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Cheri Bomb: Cheri Lovedog, who turned her years fronting an all-girl punk group into the basis for 'Prey for Rock & Roll,' is gettin' the band back together for a show at the Aptos Club.

Every Dog Has Its Day

Cheri Lovedog returns from the Hollywood wasteland to bring her namesake band to the Aptos Club

By Mike Connor

Everyone's heard the old airy-fairy adage that instructs people to "follow your bliss." It's sweet and all, but it's always struck us as being a bit vague, given that some people's idea of a good time is picking fights and tipping cows--or much, much worse. Just look what happened to Michael Jackson.

But in the case of a compassionate punk-rock girl turned tattoo artist and writer, who also happens to believe in world peace and the transformative power of rock & roll, we're glad it's been working out for Cheri Lovedog. Her original play, Prey for Rock & Roll, based mostly on her experiences in an L.A.-based all-girl punk-rock band, enjoyed a successful run at CBGB in New York, and was subsequently made into a film starring Gina Gershon and happily received at the Sundance, Toronto and, yes, Santa Cruz film festivals.

Lovedog says the experience has been amazing in many ways, but has four words to succinctly describe the movie business: "Morally and ethically bankrupt," she says emphatically, making sure I write it down. But with the movie now set for release on DVD early next year, Lovedog is moving on and has already begun work on a new project--a play called The Jesus Factor.

No, she hasn't suddenly gone all Christian rock. It's simply based on a concept elucidated by director David Mamet, who basically said that something can look good on paper, but when you get it on its feet and out into the world, "it gets all fucked up," says Lovedog. Kinda like the Bible?

God Save the Queen

And then there's punk rock--something that couldn't have possibly looked good on paper, and yet it works cathartic miracles for the bands and audiences who revel in its mess of poetry and loud, angry music. The first Sex Pistols album turned Lovedog onto the genre while she was in the Coast Guard, stationed in Stockton. She moved to L.A. in the early '80s and immersed herself in the punk scene when bands like X and Fear ruled, starting her own band and writing a music column for Hollywood Trash and Tinsel. Lovedog kept at it for 15 years, all the while writing down her experiences as a bartender and struggling musician.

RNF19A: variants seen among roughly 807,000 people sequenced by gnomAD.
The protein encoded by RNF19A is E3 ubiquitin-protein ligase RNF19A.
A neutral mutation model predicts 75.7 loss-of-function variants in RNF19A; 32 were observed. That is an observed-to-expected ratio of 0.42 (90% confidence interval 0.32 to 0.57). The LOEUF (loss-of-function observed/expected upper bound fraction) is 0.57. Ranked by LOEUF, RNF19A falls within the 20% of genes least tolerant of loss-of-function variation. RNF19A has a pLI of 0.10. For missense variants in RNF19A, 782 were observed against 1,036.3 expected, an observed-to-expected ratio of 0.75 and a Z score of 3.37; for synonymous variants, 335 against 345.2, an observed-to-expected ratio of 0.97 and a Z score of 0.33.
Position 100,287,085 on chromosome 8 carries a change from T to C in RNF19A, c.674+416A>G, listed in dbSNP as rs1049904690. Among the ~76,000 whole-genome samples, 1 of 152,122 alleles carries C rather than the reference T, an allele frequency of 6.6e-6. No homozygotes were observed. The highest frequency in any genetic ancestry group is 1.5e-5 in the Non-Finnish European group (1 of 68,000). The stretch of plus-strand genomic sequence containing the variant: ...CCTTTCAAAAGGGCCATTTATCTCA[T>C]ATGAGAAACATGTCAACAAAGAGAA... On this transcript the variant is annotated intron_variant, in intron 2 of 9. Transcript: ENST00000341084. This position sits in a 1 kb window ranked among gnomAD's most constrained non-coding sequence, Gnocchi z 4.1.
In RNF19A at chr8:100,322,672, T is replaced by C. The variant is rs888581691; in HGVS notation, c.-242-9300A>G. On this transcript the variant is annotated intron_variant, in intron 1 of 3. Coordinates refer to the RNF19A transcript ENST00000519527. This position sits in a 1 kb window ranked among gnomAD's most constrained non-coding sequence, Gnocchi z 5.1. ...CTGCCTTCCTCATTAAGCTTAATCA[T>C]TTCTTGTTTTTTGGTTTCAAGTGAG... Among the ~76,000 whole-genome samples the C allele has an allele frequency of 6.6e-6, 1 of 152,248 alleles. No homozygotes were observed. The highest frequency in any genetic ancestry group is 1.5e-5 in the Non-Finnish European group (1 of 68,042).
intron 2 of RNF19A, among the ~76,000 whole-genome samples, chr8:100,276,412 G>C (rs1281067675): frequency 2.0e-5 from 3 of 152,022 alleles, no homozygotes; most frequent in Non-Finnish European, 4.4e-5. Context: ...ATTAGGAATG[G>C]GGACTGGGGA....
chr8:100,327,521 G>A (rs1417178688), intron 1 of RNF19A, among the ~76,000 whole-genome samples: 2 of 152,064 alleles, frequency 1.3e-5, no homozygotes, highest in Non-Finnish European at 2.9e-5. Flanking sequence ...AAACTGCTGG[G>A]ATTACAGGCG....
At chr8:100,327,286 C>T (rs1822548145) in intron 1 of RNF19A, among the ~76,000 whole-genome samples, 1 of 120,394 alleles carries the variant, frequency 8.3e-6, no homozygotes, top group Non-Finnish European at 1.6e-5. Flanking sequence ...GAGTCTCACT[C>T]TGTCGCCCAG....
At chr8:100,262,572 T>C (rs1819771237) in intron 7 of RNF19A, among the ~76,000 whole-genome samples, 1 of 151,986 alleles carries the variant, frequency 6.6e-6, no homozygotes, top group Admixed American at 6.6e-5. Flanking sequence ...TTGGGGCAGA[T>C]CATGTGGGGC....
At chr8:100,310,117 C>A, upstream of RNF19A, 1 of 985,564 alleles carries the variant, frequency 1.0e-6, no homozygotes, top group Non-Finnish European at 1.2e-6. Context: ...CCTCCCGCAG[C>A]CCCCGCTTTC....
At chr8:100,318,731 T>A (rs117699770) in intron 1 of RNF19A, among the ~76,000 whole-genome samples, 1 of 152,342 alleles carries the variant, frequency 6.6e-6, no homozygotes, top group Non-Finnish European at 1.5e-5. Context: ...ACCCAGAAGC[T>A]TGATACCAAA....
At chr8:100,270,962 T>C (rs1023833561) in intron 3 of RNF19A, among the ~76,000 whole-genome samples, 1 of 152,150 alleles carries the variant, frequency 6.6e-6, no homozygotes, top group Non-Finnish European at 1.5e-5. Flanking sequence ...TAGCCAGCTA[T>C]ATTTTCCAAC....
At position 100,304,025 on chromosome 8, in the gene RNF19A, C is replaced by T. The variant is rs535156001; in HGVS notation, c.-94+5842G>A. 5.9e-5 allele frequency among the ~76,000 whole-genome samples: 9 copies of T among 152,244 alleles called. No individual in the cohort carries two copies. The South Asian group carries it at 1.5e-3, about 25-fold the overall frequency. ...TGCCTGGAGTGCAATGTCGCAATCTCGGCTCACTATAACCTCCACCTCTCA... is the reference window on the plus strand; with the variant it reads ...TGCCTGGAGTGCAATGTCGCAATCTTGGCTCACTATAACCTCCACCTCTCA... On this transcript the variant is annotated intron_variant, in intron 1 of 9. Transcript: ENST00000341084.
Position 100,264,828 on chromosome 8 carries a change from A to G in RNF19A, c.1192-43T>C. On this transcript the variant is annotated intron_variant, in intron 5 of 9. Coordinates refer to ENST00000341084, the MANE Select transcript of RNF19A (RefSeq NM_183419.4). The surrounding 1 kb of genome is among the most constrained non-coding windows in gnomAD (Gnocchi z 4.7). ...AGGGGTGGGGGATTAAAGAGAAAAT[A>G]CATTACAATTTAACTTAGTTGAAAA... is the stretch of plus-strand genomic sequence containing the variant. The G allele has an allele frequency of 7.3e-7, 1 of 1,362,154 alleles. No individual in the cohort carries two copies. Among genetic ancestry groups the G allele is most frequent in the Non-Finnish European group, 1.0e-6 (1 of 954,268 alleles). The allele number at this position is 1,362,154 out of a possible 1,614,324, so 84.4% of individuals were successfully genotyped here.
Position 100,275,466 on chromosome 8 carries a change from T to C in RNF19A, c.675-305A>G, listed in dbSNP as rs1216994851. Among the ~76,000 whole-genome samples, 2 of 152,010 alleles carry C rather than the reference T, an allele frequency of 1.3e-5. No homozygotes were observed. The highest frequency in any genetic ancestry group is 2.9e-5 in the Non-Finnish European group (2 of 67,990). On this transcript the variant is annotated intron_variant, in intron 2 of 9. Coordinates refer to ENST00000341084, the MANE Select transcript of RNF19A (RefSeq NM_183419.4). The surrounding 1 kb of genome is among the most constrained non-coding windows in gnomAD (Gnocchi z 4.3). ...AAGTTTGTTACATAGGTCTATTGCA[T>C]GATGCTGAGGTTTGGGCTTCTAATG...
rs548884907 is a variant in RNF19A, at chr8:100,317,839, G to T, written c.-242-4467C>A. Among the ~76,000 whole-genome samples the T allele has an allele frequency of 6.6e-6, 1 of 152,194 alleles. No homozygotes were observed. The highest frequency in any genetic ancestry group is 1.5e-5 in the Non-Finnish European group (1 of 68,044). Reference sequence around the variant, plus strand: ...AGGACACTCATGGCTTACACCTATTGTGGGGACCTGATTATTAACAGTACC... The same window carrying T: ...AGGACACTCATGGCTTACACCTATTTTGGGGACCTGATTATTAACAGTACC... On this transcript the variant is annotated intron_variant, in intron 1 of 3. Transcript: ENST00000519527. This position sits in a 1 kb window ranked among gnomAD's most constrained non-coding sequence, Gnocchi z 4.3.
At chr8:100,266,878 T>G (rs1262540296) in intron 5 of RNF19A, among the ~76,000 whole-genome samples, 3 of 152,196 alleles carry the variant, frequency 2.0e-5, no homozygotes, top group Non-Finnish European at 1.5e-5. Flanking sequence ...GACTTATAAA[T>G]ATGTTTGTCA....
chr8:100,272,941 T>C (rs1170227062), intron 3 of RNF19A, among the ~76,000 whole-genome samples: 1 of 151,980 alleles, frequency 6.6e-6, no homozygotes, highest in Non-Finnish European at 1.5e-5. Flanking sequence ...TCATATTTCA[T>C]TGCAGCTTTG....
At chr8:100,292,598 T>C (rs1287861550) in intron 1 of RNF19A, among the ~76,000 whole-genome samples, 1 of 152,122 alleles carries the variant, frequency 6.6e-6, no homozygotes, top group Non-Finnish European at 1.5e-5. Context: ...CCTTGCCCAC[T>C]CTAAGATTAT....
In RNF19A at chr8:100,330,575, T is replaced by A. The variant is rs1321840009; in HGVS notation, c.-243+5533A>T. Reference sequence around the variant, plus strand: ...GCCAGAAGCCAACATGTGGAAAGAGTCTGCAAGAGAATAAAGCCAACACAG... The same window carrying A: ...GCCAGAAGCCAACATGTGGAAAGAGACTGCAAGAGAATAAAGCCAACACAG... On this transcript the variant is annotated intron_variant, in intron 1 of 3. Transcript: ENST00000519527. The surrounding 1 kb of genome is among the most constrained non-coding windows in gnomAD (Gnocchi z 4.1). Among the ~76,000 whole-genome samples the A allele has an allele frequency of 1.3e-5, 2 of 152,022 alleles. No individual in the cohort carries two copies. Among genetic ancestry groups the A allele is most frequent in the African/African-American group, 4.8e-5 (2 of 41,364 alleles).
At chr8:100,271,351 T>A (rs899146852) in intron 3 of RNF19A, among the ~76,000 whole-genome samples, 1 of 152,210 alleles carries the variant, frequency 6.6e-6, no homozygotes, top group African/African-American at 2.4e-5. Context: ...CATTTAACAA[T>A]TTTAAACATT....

And now, finally, comes the ironic twist.

"All my years I devoted to rock & roll never paid off," says Lovedog. "But then I write about being unsuccessful, and that's successful."

Not that she's made millions or anything, but her work is out in the world now.

"As a writer, I feel like I'm getting my props. And my music's out in the world, so I'm really happy about that," she says.

She's also happy about the doors her film has opened for her. Lovedog has her sights set on Austin, Texas, where she and her band Lovedog hope to play at the South by Southwest music festival.

"I keep thinking if I can just get a tour out of this ... that's why I sent my stuff to South by Southwest. They haven't said we're accepted at all, but we're in the running, and I think the film helped." She chuckles a bit and then continues: "If I can whore out my movie to get some good gigs, that's cool. At the end of the day, all I wanna do is play rock & roll."

Lovedog and her band will be playing at the revamped, spiffed-up Aptos Club with local blues guitarist Sean Kennedy playing lead guitar. She says they'll be playing all the songs from the movie, and even some from the play that didn't make it into the film. Just don't expect any modern heavy metal, rap/rock surprises, because Lovedog sticks to her roots.

"I don't even know what punk rock is anymore. I'm 45 now, but 20 years ago ... that's where I'm still at as far as being a writer. It was very honest, it wasn't clever and tricky and it didn't use sex to sell. It was poetry set to music--there was an audience for that and it was great, it was beautiful. And music goes through crazy changes, but at the end of the day it always comes back to bass, drums, guitar and a story. I've been lucky to keep doing the same old thing that I've always done--I've never been like, 'Oh my god, heavy metal's in, I gotta do heavy metal.' Just keep doin' what you do and you'll be all right, that's what I think."

Unless you're Michael Jackson--in which case, leave those kids alone!

Lovedog. Saturday, Dec. 20, at 9:30pm at the Aptos Club. Tickets are $6. Call 831.688.9888 for more info.

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From the December 17-24, 2003 issue of Metro Santa Cruz.

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